One of Africa’s oldest game reserves – Selous, Tanzania

If your business takes you to Africa, you can’t get much further away from your ordinary life than this stunning, largely untouched Tanzanian game reserve. Home to almost half of Africa’s lions, the largest population of wild dogs, as well as elephants and rhinos, in the dry season you’re practically guaranteed to get a close up view of these precious species. Sadly, poaching has dramatically decreased the reserve’s elephant and rhino numbers.  Industrial scale threats to the heritage including oil, gas and mining concessions and poaching have resulted in UNESCO listing Selous as ‘in danger’ in 2014. The landscapes are not to be trifled with, with the flowing rivers, luscious woodlands and miles of photographic opportunities, it’s earned its place amongst the world’s most precious places.

A majestic elephant in its home, Selous National Park. © GaryRobertsphotography / Alamy Stock Photo

A majestic elephant in its home, Selous National Park. © GaryRobertsphotography / Alamy Stock Photo

Indonesia’s tropical rainforests of Sumatra

Already in Asia? The Sumatran rainforests might sound like something from a Hollywood movie, but this World Heritage site offers unlimited real life adventure opportunities to soak up natural heritage. Spanning 2.5 million hectares, the canopy of vibrant greens is estimated to be made up of 10,000 species of plant and offers a home to an impressive repertoire of mammals, such as the orangutan. Despite its rainforest title, there are a diverse range of varying environments to explore, with the highest volcano in Indonesia falling within one of the three National Parks that makes up the heritage site, cave systems, rocky backdrops and the highest lake in Asia, all ready to be explored.

An orang-utan hangs from a tree in the Sumatran rainforest © naturepl.com / Anup Shah / WWF

An orang-utan hangs from a tree in the Sumatran rainforest © naturepl.com / Anup Shah / WWF

Everglades National Park, USA

Many United States business travellers take advantage of being in Florida.  Florida offers hours of burning sunshine and beautiful beaches, but this World Heritage site is a sanctuary of wilderness in an otherwise bustling state. Sitting right at the southern tip of Florida, it offers a walk on the wild side for those who like adventure, with the potential for dangerous encounters with crocodiles, alligators and the Florida panther. UNESCO noted that the site has seen a significant reduction of both marine and estuarine biodiversity. However it remains the most important breeding ground for wading birds in North America. The mangroves offer a peaceful sanctuary for any advanced or novice fisherman – in fact, the park has been named one of the best places in the world for fishing.  Be sure to keep your eyes peeled for flashes of pink as the flamingos pass you by.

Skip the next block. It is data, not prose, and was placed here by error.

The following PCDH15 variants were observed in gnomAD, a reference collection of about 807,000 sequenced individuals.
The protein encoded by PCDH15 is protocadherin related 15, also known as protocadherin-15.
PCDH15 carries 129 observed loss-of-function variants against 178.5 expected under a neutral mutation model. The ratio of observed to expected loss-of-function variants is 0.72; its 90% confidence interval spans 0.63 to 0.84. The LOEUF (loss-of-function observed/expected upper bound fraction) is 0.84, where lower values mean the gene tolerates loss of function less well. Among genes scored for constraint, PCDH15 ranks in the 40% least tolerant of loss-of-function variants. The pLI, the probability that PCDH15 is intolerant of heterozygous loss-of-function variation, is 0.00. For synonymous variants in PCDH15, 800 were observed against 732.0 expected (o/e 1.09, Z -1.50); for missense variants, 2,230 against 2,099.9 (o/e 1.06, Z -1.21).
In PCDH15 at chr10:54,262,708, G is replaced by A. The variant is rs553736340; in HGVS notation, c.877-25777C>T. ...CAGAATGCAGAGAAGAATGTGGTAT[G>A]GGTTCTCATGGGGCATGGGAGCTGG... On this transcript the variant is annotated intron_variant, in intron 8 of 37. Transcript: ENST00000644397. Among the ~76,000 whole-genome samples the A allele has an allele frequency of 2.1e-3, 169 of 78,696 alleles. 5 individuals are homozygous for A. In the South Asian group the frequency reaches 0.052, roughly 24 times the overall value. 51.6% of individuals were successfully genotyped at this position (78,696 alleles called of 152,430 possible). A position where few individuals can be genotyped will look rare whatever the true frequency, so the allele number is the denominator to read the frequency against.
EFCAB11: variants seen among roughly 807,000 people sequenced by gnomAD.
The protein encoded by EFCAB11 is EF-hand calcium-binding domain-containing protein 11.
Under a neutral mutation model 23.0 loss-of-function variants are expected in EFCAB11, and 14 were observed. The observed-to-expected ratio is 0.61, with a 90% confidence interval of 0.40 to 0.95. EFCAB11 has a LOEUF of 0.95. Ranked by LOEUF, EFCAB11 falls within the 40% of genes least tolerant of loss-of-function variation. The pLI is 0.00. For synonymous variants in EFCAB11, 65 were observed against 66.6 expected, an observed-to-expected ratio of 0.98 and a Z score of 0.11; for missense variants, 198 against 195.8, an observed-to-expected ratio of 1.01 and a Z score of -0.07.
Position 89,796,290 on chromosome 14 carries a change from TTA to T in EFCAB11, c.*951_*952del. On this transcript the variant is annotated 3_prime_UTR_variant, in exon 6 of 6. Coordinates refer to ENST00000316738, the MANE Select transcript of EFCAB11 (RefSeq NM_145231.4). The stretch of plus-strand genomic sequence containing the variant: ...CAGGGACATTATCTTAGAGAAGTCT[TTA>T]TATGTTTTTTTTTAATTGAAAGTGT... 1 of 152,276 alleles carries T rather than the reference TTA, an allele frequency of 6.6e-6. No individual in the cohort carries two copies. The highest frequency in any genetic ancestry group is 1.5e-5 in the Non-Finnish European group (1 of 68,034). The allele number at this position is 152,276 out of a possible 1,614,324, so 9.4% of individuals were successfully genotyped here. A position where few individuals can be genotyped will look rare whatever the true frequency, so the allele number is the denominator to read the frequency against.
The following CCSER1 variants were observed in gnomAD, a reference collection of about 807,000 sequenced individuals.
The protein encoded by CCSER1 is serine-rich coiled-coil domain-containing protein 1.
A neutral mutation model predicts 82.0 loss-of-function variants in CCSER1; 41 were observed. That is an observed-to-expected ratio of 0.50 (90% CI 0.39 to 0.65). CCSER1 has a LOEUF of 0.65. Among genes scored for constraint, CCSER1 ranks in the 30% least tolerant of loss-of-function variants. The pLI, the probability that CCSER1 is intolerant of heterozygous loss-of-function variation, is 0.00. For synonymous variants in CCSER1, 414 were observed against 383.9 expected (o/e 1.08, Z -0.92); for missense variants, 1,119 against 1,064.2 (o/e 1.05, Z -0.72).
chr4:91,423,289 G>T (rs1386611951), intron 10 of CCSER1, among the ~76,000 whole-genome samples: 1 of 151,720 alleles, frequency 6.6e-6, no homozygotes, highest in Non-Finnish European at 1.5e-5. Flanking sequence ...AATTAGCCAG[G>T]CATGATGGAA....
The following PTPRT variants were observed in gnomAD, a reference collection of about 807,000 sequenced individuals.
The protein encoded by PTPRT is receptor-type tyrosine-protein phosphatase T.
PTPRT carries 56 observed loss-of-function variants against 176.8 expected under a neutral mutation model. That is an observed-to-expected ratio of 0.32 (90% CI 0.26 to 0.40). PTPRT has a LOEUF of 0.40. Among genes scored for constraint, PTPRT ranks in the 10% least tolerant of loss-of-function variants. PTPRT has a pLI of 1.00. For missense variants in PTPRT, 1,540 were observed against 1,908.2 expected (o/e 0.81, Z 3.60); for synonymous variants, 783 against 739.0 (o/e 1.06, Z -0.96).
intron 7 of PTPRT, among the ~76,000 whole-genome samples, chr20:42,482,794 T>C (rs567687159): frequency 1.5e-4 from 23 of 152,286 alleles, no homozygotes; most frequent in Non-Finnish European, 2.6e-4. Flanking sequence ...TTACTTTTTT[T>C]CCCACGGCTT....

Glorious sunset in the Everglades © Jürgen Freund / WWF

Glorious sunset in the Everglades © Jürgen Freund / WWF

A European experience – Doñana National Park, Spain

This stunning European World Heritage site of unique beauty can be found in Andalusia, Spain. If you’re an avid bird watcher, this is the one for you. Six million migratory birds visit the largest wetland in the European Union during the winter months, including some that are rare and elusive. Tranquillity doesn’t even begin to describe the 38 kms of pristine, construction-free beach that you could have at your disposal. If it’s varied wilderness and solitude that you’re looking for, look no further than Doñana.

With 238 World Heritage sites that are listed for their natural features by UNESCO in almost 100 countries, you won’t ever be too far from a visit. The UNESCO World Heritage brand signals the most precious in protected areas around the world.

Doñana National Park, Spain. Diego Lopez/ WWF

Diego Lopez/ WWF

Is there a natural World Heritage site you’re itching to discover on your next business trip?